early lessons from Fukushima Daiichi

An abstract by Dr. Akira T. Tokuhiro, Associate Professor of Nuclear Engineering at the University of Idaho, that was submitted to Nuclear Exchange outlines some of the initial lessons learned from the Fukushima Daiichi nuclear power plant crisis. Tokuhiro writes that the abstract is largely based on events of the first three weeks and professional interpretation of publically accessible information. He said that only the “provisionally conclusive lessons learned” are noted.

1) Nuclear R&D institutions must consider alternatives to zirconium-based and zircaloy cladding so that chemical reactions that generate hydrogen is prevented. We (as an industry) need to accelerate development and deployment of non-hydrogren producing cladding materials; that is, assuming that the coolant/ moderator/ reflector remains (light) water.

2) Having multiple (reactor) units at one site, having more than two units on site needs critical review in terms of post-accident response and management. We must consider the energetic events at one unit exacerbating the situation (safe shutdown) at the other.

3) Further, there is a definite need for a backup (shielded) reactor plant control center that is offsite (remote) so that the accidents can be managed with partial to full extent of reactor plant status (P, T, flowrates, valve status, tank fluid levels, radiation levels).

4) There is a need for standby back-up power, via diesel generator and battery power, at a minimal elevation (100feet/31m) above and some distance from the plant (thus remotely located). This is needed to offset loss of off-site power for plants subject to environmental water ingress (foremost tsunami). Spare battery power should also be kept off-site and in a confirmed ‘charged’ state.

5) It is clear that the spent fuel pool (SFP) cannot be in proximity of the reactor core, reactor pressure vessel or containment itself. The SFP, in current form, is essentially an open volume subcritical assembly that is not subject to design requirements generally defining a reactor core. Yet, unless thermohydraulic cooling is maintained, it is subject to the similar consequences as a reactor core without adequate cooling. Therefore, we need new passive designs of the SFP, away from the actual plant’s reactor core.

6) Thus needs to be a re-definition of the spent fuel pool. A new standard and design requirement is needed for the spent fuel pool. It should be ‘reclassified’ as a subcritical assembly with a potential to go critical with no active or passive control (rod or soluble ‘poison’) mechanism. Further it needs to be some distance from the reactor plant.

7) We need to identify key valves for emergency core cooling and require them to be nonelectrically activated. Otherwise these valves need a secondary means of open and closed status that is remotely located.

8) If an ‘in-containment’ SFP is maintained, then the fuel transfer crane system must be designed so that it is available to remove the fuel during a post-accident phase. OR a second means such as a robotic arm needs to be available.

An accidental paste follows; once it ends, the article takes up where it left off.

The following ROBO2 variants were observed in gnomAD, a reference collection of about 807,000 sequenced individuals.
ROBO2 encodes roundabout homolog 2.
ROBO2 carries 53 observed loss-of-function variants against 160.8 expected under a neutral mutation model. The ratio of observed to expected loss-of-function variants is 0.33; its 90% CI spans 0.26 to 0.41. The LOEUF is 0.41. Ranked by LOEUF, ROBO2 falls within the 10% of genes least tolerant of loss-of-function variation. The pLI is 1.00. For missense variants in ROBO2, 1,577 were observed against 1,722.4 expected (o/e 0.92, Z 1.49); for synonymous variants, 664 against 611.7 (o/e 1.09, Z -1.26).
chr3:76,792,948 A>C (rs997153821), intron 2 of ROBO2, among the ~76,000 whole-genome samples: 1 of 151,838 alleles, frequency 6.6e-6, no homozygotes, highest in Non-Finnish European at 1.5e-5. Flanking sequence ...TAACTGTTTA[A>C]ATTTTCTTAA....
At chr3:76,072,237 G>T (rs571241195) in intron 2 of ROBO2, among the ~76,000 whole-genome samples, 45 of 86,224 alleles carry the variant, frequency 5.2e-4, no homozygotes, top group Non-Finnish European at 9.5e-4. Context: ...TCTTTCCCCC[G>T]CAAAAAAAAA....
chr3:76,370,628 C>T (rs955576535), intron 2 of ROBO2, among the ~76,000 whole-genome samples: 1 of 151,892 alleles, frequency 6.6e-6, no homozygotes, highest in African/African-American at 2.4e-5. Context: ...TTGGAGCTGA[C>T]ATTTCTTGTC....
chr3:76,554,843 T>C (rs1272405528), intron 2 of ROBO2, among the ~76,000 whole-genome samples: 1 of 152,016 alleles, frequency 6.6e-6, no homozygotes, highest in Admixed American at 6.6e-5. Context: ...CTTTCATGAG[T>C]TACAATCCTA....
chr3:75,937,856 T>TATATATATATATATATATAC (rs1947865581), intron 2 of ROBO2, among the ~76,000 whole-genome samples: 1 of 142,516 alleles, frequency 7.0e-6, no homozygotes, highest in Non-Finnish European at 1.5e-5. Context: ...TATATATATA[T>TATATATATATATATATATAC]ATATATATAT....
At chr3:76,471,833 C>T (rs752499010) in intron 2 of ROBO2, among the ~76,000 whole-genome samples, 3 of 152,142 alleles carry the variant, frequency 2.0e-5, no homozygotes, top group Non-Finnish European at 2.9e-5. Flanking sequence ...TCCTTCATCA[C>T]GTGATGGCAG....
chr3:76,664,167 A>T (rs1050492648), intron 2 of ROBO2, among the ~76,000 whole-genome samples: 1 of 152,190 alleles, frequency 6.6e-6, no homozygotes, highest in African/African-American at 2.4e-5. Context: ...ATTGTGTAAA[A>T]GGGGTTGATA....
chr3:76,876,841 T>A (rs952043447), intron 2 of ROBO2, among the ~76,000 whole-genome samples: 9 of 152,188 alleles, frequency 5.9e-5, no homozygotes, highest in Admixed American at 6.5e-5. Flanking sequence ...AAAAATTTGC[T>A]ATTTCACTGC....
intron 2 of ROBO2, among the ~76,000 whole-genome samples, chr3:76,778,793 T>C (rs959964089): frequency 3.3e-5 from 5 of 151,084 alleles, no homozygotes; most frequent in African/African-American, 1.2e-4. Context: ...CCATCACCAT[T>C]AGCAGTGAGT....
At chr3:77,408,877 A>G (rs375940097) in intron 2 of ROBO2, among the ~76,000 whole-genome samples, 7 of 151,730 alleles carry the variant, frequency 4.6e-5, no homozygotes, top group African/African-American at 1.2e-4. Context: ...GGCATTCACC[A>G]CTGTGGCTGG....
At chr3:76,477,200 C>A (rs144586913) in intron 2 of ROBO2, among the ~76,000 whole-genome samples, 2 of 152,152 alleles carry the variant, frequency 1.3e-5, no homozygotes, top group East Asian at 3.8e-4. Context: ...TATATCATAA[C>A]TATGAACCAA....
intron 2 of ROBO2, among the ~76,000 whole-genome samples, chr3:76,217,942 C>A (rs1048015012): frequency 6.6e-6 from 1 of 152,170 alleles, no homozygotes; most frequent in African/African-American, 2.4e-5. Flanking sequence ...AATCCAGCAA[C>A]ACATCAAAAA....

9) There needs to be a volumetric guidance analysis for ultimate (decay heat) cooling contingency plans so that not only limitations on volume are understood but also transfer of liquids from one volume to another. Spare tanks and water-filled tanks need to be kept on site as uptake tanks for ‘runoff’ in case of addition of cooling during accident management phases. Spare means to produce boric acid needs to be available off-site. Earthquake-proof diesel generator housing also need to be water-proof. Remote diesel generators are also needed with access to equally remote diesel fuel tanks (also see 4).

10) For nuclear power plants located in or near earthquake zones, we cannot expect structural volumes and ‘channels’ to maintain structural integrity. We should also expect the immediate ground underneath these structures to be porous (earth). Thus design of these volumes and channels should be such that they minimize connections to other (adjacent) volumes from which contaminated (liquid) effluents can flow.

11) Color-code major components so that in case of an accident such as the Fukushima NPP accident, we will be able to quickly identify the major components from digital images.

12)An international alliance of nuclear reactor accident first responders and thereafter, a crisis management team is needed. This does not seem to be available at any significant level at this time. We (the global nuclear industry) cannot wait 3 weeks for international participation.

13)We should consider and work toward international agreement on standards for regulated levels of radiation (activity) and radiation exposure to the general public and separately, those under emergency and extended ‘recovery’ phases. We should also be consistent in definition and practice of evacuation zoning. We should also strongly encourage acceptance and use of SI unit for activity and exposure and not use culturally-based numbering customs (in Japan, one counts in orders of {‘man’}104, {‘oku’}108, 1012 etc.)

14)Under emergency and crisis management, wider access roads are needed to and from NPPs. The access roads need to be clear of debris and of such width to accommodate large-scale trucks needed as first response and thereafter. A means to access the plant via water, such as ocean, calls for infrastructure (boats, water-containing barge, jet-skis etc) is needed as part of a contingency plan for those plants located near bodies.

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